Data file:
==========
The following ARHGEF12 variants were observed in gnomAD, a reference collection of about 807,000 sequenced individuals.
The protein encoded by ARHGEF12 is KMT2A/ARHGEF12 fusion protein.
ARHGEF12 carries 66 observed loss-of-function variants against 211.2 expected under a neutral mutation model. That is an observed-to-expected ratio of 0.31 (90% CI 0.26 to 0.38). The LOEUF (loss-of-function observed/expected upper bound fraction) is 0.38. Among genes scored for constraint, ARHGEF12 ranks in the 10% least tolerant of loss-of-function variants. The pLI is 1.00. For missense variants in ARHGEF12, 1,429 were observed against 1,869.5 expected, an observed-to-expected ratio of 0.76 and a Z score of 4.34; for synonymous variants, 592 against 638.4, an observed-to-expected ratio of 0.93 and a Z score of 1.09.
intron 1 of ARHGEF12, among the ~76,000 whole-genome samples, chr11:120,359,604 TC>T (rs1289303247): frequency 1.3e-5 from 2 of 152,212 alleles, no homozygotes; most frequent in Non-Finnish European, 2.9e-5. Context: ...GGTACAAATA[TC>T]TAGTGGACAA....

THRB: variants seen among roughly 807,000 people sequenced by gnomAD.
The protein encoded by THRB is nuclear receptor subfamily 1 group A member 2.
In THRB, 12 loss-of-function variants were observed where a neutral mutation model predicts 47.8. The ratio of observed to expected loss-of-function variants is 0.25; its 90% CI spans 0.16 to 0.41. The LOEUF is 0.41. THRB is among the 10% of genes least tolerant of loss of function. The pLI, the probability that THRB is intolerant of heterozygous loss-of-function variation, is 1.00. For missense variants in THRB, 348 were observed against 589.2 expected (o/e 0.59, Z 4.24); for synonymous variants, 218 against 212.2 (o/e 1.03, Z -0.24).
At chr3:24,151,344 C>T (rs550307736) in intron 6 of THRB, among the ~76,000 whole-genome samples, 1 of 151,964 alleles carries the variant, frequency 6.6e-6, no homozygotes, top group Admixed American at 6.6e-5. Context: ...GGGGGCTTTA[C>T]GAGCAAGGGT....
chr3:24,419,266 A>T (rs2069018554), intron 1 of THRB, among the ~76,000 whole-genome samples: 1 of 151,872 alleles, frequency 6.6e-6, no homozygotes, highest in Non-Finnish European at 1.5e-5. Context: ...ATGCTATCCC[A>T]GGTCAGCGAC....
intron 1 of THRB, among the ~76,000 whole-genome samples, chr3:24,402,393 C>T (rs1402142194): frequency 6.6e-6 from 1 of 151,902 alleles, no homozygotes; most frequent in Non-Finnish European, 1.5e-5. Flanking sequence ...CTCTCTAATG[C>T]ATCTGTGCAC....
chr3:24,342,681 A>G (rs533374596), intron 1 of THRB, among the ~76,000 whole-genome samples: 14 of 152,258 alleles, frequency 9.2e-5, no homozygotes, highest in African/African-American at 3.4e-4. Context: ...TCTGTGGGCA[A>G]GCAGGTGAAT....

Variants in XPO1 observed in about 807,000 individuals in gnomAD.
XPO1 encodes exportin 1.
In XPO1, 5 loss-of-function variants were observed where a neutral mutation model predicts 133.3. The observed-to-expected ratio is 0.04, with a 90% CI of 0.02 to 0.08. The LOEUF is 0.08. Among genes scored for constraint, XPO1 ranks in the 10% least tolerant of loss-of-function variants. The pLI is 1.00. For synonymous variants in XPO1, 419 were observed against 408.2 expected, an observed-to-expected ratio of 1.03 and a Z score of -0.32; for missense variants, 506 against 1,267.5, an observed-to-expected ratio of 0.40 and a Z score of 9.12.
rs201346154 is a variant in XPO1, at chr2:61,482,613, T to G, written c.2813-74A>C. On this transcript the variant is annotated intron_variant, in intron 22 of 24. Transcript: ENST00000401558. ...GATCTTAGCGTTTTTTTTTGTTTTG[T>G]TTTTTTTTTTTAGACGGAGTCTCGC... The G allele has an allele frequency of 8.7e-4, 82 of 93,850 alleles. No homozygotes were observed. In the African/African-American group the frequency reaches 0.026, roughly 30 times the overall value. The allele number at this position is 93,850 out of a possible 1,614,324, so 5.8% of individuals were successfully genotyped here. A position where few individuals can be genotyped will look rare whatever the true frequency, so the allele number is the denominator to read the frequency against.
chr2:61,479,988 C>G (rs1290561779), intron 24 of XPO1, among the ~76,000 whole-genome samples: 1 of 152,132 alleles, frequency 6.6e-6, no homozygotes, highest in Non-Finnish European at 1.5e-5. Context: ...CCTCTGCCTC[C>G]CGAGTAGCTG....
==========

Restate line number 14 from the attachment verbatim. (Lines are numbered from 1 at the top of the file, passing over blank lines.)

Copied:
In XPO1, 5 loss-of-function variants were observed where a neutral mutation model predicts 133.3. The observed-to-expected ratio is 0.04, with a 90% CI of 0.02 to 0.08. The LOEUF is 0.08. Among genes scored for constraint, XPO1 ranks in the 10% least tolerant of loss-of-function variants. The pLI is 1.00. For synonymous variants in XPO1, 419 were observed against 408.2 expected, an observed-to-expected ratio of 1.03 and a Z score of -0.32; for missense variants, 506 against 1,267.5, an observed-to-expected ratio of 0.40 and a Z score of 9.12.